From Bench to Bedside
NS4B plays an important role in establishing the HCV replication complex. Several key domains have been genetically validated as essential for NS4B’s function in HCV replication. This in turn has led to the development of small molecule approaches to targeting NS4B, including a new role for an old antihistamine.
Jeffrey S. Glenn, M.D., Ph.D., associate professor of medicine, department of gastroenterology and hepatology at Stanford University School of Medicine, notes that HCV poses a big clinical problem. “It’s no secret that clinical therapies right now don’t work very well,” he says. “There is a lot of room for improvement.”
And it’s quite a challenge—one of the first protease inhibitors to hit the clinic failed because of concerns about cardiotoxicity. Some compounds work well in vitro, but when tested in vivo, almost all have breakthrough resistance within a few weeks of use as monotherapy. They do have the potential to work well as a part of combination therapy, however.
Dr. Glenn works with a number of viral-specific agents. “We’re trying to increase the number of targets that can form the basis for future drug cocktails designed to maximize efficacy and decrease the emergence of resistance. We work with and have discovered a number of such novel targets, and we’re focusing on a few outside the normal range, having successfully genetically validated them.”
For example, NS4B is a protein that Dr. Glenn’s group has studied pretty extensively. “We don’t know for sure all it’s functions,” Dr. Glenn explains, “but we do know that it plays a central role in membrane-associated RNA replication—both in establishing the HCV membranous replication platform and in bringing the replicase complex components to the sites of replication. We also discovered that NS4B can specifically bind a key segment of the viral RNA and that this RNA binding is essential for HCV genome replication.”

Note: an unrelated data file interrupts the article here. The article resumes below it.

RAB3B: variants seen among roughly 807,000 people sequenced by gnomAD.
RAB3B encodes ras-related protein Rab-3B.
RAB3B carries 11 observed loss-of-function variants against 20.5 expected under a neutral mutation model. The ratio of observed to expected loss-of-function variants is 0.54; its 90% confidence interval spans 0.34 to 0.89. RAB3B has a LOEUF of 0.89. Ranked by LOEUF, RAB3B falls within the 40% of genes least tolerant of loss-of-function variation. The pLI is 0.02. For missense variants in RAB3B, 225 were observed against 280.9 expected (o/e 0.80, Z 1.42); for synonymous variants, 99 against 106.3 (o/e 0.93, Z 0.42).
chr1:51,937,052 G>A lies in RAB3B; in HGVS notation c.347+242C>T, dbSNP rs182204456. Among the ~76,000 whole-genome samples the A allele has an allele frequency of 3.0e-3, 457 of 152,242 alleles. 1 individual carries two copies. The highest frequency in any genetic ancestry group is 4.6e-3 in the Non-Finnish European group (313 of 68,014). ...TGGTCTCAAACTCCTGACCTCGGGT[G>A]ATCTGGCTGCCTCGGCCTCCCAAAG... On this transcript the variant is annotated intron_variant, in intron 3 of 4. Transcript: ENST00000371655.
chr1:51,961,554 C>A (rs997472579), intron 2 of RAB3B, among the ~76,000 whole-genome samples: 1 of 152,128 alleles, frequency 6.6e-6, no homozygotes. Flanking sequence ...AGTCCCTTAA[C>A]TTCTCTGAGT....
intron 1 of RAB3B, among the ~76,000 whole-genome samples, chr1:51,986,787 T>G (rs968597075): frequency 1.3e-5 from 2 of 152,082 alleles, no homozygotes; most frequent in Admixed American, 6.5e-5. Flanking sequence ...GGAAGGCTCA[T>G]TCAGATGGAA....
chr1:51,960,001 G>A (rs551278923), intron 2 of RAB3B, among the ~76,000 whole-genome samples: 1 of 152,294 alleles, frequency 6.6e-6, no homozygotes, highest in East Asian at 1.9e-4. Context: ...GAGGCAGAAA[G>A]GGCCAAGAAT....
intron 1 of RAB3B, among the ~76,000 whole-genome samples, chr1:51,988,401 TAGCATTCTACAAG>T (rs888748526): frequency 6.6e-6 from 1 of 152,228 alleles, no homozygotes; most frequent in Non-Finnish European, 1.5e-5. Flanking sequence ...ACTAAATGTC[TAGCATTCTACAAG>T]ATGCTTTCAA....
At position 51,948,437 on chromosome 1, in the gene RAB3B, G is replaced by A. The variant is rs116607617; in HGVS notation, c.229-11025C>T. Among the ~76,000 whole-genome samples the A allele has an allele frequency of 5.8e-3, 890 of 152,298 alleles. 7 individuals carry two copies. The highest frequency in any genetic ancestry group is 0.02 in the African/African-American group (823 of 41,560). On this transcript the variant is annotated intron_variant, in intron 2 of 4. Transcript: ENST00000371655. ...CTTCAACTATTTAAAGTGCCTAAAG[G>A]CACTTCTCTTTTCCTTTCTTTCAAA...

NS4B has multiple transmembrane domain segments, threading itself in and out of the ER membrane four times, presenting a challenge to successful large-scale purification for mechanistic studies dependent on maintaining a proper topology. In vitro translation reactions with microsomal membranes can yield properly folded NS4B, but the yields are typically small.
Fortunately, however, the amounts made are sufficient for analysis using microfluidics. Dr. Glenn has initiated a collaboration with an expert in microfluidics technology to study NS4B RNA binding on the nanoliter scale. As described in their recent Nature Biotechnology paper, by screening a library enriched in previously used drugs, the colleagues identified clemizole, an antihistamine used in the 1960s, as being quite potent at specifically inhibiting NS4B RNA binding and efficacious at inhibiting HCV replication.
“Because of the extensive use in humans, we know that clemizole was extremely well tolerated in patients,” says Dr. Glenn. “We have also found in the literature a lot of the data needed for an IND package, although of course these studies were done in the 1950s and 1960s and grandfathered in, leaving some holes for what typically is found today in a modern IND filing.”
Dr. Glenn notes that for an antiviral, most researchers like to see at least 2 logs of inhibition—clemizole has only one. “But as we studied it, we noted its ability to dramatically synergize with other molecules in advanced clinical development, which makes it ideal as a future cocktail component.”
And with so few compounds able to make the final cut to drug status, there is real potential value in repurposing drugs. “There’s already been a lot published with regard to safety, we don’t have human PK data yet,” Dr. Glenn adds. “The problem is that we can’t just pull it off the shelves—it has to be made again—and as soon as we have it available, we forsee clinical trials within the year.”